The course will open up a variety of career prospects, in areas such as primary and secondary teaching both inside and outside of ISKCON, leading ISKCON educational institutions, lecturing in adult higher education, and corporate training and human resources. Graduates will also be eligible to apply for positions as prison chaplains or education officers, museum guides, and education officers for school programs run by charity organizations.
“We’re also working with the I-Foundation, which runs the first two state-funded Hindu schools in the U.K., called Krishna Avanti, to create teaching career opportunities,” says Rasamandala. “As well as the two primary schools that are already open, they are looking to open two more schools—one primary and one primary and secondary—in September 2012. As a result, they will have a strong need for as many as 150 teachers over the next six or seven years, as they gradually expand to capacity. What’s more, because they’re faith schools, they will really need teachers with a good grounding in Vaishnavism. And that, of course, is where Bhaktivedanta College comes in.”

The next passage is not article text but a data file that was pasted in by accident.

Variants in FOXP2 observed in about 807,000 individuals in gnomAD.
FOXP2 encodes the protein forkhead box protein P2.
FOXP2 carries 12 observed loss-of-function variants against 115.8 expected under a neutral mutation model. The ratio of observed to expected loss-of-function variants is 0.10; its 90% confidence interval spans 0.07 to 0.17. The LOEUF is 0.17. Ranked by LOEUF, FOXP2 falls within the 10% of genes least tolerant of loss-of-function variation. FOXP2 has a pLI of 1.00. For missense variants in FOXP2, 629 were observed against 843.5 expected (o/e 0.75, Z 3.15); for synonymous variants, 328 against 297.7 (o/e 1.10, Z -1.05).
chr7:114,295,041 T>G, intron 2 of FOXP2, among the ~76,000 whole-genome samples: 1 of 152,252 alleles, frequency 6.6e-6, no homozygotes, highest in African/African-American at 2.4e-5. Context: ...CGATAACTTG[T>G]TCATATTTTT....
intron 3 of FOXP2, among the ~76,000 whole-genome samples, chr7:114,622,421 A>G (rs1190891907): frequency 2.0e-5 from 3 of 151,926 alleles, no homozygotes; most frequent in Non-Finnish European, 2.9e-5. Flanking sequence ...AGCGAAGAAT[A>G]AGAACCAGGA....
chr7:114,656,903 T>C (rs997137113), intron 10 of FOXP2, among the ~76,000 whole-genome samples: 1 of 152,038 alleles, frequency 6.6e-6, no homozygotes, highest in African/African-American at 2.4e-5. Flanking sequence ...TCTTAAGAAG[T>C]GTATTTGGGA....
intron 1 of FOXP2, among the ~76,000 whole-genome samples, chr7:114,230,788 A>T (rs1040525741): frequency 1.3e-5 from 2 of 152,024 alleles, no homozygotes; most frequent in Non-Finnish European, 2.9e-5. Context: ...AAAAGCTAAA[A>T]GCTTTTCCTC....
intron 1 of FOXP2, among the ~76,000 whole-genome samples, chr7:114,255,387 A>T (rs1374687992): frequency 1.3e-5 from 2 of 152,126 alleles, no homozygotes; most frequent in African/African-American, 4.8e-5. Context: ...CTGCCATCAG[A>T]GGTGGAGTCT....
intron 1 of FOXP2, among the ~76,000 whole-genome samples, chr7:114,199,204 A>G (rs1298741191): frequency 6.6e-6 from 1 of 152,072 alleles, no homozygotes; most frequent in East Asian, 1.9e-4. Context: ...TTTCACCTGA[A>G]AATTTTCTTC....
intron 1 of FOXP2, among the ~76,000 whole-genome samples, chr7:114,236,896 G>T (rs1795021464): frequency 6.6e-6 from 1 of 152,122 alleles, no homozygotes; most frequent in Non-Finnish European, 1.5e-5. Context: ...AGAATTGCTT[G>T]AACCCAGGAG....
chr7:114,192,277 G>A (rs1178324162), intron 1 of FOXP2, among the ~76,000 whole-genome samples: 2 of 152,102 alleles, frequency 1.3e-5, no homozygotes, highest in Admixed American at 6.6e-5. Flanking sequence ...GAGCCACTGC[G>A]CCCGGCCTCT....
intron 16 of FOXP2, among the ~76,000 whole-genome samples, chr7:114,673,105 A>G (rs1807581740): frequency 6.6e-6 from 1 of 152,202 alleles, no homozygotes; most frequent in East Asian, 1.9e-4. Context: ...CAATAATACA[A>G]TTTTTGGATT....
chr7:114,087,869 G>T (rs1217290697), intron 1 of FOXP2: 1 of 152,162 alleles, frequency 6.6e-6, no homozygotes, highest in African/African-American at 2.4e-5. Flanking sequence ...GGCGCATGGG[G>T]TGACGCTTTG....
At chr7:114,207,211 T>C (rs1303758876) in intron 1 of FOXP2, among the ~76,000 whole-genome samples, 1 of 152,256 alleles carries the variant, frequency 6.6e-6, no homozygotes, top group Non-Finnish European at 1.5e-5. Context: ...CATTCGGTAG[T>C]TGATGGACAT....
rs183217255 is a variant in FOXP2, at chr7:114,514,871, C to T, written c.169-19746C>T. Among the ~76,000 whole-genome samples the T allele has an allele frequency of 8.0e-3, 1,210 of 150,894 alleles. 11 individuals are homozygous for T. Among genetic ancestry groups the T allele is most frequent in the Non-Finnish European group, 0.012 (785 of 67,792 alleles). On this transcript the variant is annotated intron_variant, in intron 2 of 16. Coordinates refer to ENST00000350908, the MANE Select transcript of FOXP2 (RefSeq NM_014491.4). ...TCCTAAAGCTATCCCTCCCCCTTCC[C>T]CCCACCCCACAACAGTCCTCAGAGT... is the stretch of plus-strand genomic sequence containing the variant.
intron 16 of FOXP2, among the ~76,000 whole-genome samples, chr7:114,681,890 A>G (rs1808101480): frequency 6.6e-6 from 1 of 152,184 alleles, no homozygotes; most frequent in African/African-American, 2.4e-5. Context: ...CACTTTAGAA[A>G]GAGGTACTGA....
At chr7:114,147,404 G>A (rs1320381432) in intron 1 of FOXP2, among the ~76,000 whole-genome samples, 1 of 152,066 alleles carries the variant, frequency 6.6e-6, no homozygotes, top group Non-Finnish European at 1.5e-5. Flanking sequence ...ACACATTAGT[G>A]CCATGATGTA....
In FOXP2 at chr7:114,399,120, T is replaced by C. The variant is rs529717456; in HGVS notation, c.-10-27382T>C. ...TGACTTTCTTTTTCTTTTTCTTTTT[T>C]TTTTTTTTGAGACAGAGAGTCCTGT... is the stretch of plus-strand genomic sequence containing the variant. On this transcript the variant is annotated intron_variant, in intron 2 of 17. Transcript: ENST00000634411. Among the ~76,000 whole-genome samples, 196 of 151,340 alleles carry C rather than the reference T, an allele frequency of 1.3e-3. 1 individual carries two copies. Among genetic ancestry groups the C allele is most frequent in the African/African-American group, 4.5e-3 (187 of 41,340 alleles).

Bhaktivedanta College’s new three-year course won’t bring students all the way to Qualified Teacher Status—they would typically be required to spend a fourth year at another school to get their Post Graduate Certificate of Education in order to teach. But the College and Krishna Avanti School have taken advantage of a new government initiative, the Graduate Teacher Program, which will allow students to go straight to work at one of the Krishna Avanti Schools and get their practical teacher training on the job.
“We are currently working on getting one of the schools—most probably the original Krishna Avanti in Harrow—accredited as a training school,” Rasamandala says.
Of course, the Bhaktivedanta College course will have some training in teaching skills, but it will also look at a much broader picture, including the theory, psychology, theology, and philosophy of education. It will also look at the history of education, both in the greater world, and in ISKCON.